For years to come, two words inevitably will precede Patrick Mangan’s name: “Riverdance fiddler.”
Which is OK by him.
Although he is well-grounded in traditional Irish music—and you’ll hear plenty of it Saturday night when he plays a concert at the Philadelphia Irish Center with friend and singer-guitarist Ryan McGiver—Riverdance is a major part of his life, and has been for a decade.
Mangan, born in Brooklyn and trained in the ways of New York Sligo-style fiddling by the great Brian Conway, first came to the attention of the show’s producers in 2000, when he was just 15, By that point in his life, he had already won the Fleadh Cheoil na hÉireann (the world competition of Irish music, also known as the All-Irelands) twice, in 1994 and 1997. He was young, but he’d already had experience on the world stage.
Riverdance was quite another thing altogether.
He remembers when he first considered trying out for the show. “I saw something in one of the New York Irish papers. It was just a little listing saying Riverdance was looking for substitute fiddlers for the show on Broadway,” he says. “So I recorded a little four-track demo and sent it in. They invited me to audition, and I remember playing in front of the show’s composer Bill Whelan and the piper Declan Masterson. (After that) I didn’t hear anything for almost a year. Then they invited me to audition again.”
It turned out that one not-so-little factor gave the show’s producers pause. “They had never had a male fiddler before. It broke the mold. Eileen Ivers had made it an iconic role for a female fiddler, and they were a little on the fence about that, but they decided to give it a shot.”
That was in 2001. He was 16.
That shot turned into a fill-in gig that Mangan wound up squeezing into his high school and, later, college schedule.
The relationship with Riverdance evolved into something deeper and longer-lasting not long after his graduation from Tufts with a degree in English, with a minor in music. The degree seemed like the right thing to do, and it played to his strengths, but after graduation Mangan still hadn’t settled on a career path.
And then Riverdance came calling again. “I had maintained the connection with them throughout high school and college. Then, just after graduation, a full-time spot opened up with the American touring company. I’ve been touring with them full-time since college. I’ve been all over the world. It’s lucky Riverdance came along when it did.”
(His long relationship with Riverdance also changed his life in another significant way. It’s where he met his future wife, fellow cast member and Russian dancer Natia Rtveliashvili. They were married in June of this year. At last count, there have been over 30 marriages among Riverdance cast members.)
Mangan came to Riverdance already well-schooled in the traditional style of fiddle play. In fact, because he was taught by Brian Conway, and Conway was mentored in part by Andy McGann—and McGann himself was schooled by Coleman—Mangan has been described as a “direct artistic descendant of early 20th-century Irish-American fiddler Michael Coleman.” It’s worth noting that Mangan himself, when he was very young, also played with McGann, and McGann’s contemporary Paddy Reynolds.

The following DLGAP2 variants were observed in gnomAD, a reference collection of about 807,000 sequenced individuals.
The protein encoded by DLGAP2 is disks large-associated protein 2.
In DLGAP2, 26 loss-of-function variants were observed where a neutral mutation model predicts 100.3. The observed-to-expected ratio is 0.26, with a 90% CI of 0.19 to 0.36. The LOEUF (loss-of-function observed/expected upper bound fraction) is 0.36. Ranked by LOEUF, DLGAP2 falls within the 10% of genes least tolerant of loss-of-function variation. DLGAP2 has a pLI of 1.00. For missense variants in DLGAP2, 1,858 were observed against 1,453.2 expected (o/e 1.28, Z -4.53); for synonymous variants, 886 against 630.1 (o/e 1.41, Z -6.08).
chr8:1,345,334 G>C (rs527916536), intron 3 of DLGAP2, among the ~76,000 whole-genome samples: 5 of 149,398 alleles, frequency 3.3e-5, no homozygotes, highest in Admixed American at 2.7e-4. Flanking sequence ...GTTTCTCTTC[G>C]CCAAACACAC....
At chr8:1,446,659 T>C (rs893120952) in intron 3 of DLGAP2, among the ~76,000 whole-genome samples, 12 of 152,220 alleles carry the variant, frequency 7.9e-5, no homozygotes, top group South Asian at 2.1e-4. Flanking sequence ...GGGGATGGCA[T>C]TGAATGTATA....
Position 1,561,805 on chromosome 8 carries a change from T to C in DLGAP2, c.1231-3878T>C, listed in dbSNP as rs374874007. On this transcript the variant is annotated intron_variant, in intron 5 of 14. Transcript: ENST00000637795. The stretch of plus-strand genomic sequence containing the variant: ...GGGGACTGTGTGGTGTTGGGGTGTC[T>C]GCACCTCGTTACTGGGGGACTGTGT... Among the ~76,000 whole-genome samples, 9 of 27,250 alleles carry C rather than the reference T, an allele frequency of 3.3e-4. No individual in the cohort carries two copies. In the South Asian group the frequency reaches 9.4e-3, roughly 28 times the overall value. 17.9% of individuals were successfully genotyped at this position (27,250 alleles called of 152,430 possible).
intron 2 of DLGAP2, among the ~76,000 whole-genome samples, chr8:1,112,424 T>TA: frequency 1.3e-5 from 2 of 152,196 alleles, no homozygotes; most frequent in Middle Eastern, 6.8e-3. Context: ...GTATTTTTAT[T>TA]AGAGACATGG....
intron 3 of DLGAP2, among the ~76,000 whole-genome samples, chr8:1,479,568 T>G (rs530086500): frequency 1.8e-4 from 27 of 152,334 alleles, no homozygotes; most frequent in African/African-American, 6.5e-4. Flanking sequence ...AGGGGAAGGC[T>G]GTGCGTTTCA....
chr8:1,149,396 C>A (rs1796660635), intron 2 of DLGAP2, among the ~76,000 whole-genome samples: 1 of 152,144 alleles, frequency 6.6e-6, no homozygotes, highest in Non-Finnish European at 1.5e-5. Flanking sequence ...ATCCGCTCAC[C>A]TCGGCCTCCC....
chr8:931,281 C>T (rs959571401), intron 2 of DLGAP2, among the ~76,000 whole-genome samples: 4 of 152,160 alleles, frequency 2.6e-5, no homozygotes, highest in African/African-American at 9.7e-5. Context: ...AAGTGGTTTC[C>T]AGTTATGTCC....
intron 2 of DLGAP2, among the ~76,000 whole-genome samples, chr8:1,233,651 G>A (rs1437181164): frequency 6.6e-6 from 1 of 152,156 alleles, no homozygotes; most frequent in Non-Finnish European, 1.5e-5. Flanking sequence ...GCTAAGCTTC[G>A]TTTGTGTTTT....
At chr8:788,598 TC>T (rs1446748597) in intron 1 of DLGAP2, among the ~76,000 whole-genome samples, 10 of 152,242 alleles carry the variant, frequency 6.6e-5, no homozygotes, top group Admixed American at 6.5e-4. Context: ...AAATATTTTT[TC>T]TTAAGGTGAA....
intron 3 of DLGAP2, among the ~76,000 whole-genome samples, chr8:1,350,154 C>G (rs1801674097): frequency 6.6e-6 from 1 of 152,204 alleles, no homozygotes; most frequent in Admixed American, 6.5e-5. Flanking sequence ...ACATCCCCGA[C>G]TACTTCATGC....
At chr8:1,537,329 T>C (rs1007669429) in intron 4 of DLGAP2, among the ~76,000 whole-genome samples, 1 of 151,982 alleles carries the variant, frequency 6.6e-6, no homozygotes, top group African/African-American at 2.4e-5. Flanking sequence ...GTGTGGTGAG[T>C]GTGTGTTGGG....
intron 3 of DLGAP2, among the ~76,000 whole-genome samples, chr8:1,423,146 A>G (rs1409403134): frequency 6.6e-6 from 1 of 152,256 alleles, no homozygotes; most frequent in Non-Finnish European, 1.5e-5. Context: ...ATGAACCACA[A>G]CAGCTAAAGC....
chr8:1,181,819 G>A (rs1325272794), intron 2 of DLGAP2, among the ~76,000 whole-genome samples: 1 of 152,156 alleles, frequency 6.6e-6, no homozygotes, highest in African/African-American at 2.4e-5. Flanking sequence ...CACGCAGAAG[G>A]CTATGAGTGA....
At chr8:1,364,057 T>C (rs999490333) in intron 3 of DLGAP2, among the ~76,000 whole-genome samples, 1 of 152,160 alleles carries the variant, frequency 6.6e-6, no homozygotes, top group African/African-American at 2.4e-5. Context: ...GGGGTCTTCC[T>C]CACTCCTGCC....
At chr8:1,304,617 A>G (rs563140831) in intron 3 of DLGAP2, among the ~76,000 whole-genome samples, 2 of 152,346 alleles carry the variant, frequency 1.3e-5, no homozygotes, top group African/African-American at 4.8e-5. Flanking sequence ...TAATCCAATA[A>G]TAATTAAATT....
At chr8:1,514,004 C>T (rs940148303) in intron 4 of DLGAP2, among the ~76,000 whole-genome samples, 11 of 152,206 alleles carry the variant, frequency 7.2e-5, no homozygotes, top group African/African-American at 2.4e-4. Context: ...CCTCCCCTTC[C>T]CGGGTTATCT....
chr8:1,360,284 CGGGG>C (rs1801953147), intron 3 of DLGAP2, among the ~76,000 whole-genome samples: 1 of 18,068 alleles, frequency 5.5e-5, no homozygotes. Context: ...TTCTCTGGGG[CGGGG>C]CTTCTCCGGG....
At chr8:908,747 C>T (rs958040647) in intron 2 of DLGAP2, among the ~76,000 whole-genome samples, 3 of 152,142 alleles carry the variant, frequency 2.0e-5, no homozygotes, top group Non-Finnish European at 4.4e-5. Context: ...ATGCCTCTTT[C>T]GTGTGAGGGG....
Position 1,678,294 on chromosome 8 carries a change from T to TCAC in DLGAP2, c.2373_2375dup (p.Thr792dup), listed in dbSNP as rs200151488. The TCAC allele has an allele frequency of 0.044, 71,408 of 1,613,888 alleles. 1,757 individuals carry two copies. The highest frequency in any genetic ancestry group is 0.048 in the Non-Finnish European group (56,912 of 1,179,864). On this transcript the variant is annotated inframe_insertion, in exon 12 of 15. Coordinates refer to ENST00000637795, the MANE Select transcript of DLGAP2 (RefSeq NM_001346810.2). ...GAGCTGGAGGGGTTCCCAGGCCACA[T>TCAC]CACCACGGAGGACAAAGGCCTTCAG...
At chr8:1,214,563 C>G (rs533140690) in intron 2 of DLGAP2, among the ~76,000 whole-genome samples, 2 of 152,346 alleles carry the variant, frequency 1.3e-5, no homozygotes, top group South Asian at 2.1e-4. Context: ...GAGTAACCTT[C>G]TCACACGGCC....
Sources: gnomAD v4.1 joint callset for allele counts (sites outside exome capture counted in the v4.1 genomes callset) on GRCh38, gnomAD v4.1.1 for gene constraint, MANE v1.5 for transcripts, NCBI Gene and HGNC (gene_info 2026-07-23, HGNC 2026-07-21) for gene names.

“Just to have that influence and those older musicians being so gracious and generous when I was growing up, i was very lucky to be growing up at that time,” Mangan says.
And because his parents were devotees of traditional music, there was never a time in Mangan’s young life that he was not exposed to the old tunes of Ireland. He recalls listening to the music from his stroller at the Irish festival in Snug Harbor on Staten Island.
His love of that form of music has never gone away. As much as Riverdance has helped him gain in popularity and name recognition—and it has done that—he’s eager to play the old style with his partner McGiver.
Still, Mangan began his fiddle schooling with classical music taught in the Suzuki method, and he maintained his familiarity with the classical throughout his childhood and high school.
Between his deep familiarity with both styles—traditional Irish and classical—Mangan says he felt well qualified to play the Riverdance style of Irish music, which is nothing like the way Michael Coleman played it. In addition, Mangan himself relishes many styles and types of music.
“Riverdance at its core is based in Irish music,” he says, “but it’s good to have a grounding in classical music. You can play in different styles if you have the technique. And I always enjoyed improvising. I’ve never had too much of a problem with that. When I first learned the (Riverdance) music, it was a fun challenge. By now, I’ve played it so many times, I could do it in my sleep.”
For Mangan, playing in the blockbuster Irish show that laid the groundwork for all the Celtic women and Irish tenors who would follow still holds his deep interest. In fact, he’s soon going to go out on the road with Riverdance again.
And that’s just fine with him, too.
“As many times as I’ve heard that music,” he says, “certain musical moments in the show still get to me. There’s a reason why that show has gone on as long as it has. It’s just amazing how much my life has been touched by it, how one thing has led to another.”